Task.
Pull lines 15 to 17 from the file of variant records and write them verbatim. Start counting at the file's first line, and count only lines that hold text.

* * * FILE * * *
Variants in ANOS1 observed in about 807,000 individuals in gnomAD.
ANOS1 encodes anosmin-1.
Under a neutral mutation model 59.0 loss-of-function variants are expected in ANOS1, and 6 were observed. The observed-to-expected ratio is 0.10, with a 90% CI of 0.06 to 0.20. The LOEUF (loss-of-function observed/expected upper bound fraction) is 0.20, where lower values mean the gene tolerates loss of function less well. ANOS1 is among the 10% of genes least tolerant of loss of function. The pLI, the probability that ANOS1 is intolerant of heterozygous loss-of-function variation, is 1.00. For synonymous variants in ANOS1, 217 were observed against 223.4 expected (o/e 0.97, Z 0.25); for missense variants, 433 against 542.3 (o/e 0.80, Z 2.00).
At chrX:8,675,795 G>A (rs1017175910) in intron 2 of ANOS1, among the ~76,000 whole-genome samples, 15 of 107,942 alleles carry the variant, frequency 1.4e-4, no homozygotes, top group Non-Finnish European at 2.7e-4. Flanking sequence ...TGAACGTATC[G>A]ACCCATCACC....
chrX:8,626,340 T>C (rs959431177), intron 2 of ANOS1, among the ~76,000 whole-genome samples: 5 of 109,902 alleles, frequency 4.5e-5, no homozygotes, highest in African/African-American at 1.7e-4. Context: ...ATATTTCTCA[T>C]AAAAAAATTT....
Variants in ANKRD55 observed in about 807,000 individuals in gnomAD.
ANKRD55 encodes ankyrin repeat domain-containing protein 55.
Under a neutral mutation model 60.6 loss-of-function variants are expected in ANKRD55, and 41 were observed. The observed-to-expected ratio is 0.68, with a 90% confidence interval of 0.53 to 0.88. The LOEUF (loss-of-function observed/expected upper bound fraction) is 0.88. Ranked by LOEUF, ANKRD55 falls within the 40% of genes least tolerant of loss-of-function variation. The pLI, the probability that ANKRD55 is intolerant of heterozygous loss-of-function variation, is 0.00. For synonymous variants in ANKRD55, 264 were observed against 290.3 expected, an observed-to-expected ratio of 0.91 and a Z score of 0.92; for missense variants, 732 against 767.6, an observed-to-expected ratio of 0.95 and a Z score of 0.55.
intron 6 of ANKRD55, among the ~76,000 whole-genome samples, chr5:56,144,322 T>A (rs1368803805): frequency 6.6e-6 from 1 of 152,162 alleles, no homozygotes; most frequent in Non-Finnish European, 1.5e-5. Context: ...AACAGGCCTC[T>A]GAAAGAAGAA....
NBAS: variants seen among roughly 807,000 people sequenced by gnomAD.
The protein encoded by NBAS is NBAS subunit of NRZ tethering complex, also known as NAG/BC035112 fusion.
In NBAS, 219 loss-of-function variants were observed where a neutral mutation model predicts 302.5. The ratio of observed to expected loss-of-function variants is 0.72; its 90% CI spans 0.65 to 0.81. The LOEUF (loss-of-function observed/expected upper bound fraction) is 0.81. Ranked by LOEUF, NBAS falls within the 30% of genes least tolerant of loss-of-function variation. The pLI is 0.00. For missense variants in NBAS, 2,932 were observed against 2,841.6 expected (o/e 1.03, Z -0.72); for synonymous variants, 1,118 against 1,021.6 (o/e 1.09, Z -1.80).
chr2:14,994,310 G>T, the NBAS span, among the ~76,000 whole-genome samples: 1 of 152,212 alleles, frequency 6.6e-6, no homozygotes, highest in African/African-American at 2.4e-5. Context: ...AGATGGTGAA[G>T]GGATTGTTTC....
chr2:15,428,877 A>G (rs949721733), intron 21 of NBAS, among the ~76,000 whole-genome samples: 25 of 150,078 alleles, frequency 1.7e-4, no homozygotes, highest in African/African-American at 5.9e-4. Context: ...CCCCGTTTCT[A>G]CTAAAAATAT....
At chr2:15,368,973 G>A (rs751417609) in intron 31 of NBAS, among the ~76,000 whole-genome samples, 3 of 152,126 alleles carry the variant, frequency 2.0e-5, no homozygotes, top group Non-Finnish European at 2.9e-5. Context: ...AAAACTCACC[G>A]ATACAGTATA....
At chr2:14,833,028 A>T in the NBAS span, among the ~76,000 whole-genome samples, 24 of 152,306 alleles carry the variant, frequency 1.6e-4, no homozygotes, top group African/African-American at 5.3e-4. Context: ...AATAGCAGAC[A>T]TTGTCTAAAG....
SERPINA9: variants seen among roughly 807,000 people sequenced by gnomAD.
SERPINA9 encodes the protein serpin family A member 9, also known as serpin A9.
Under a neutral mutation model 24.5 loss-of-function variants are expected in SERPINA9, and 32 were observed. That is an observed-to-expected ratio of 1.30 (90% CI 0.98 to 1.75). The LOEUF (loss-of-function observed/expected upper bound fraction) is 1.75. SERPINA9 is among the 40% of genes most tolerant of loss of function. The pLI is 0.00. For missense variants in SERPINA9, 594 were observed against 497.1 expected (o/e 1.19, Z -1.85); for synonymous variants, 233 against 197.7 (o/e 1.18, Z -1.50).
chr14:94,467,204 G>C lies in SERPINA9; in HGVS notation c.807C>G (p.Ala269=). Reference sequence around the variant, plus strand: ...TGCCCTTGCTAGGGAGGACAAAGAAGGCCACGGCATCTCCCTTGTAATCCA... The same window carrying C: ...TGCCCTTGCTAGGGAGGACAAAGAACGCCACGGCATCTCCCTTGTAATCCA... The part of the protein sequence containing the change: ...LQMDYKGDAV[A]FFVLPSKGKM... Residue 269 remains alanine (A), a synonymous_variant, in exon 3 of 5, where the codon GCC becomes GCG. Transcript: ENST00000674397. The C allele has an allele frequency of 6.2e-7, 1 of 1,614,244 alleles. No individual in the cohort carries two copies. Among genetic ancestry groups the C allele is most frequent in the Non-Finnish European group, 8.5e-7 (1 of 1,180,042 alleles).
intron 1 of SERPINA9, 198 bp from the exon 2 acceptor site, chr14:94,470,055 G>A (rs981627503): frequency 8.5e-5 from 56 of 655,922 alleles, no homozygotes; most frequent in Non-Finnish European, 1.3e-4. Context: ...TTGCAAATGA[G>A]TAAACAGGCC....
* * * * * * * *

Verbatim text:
At chr2:15,368,973 G>A (rs751417609) in intron 31 of NBAS, among the ~76,000 whole-genome samples, 3 of 152,126 alleles carry the variant, frequency 2.0e-5, no homozygotes, top group Non-Finnish European at 2.9e-5. Context: ...AAAACTCACC[G>A]ATACAGTATA....
At chr2:14,833,028 A>T in the NBAS span, among the ~76,000 whole-genome samples, 24 of 152,306 alleles carry the variant, frequency 1.6e-4, no homozygotes, top group African/African-American at 5.3e-4. Context: ...AATAGCAGAC[A>T]TTGTCTAAAG....
SERPINA9: variants seen among roughly 807,000 people sequenced by gnomAD.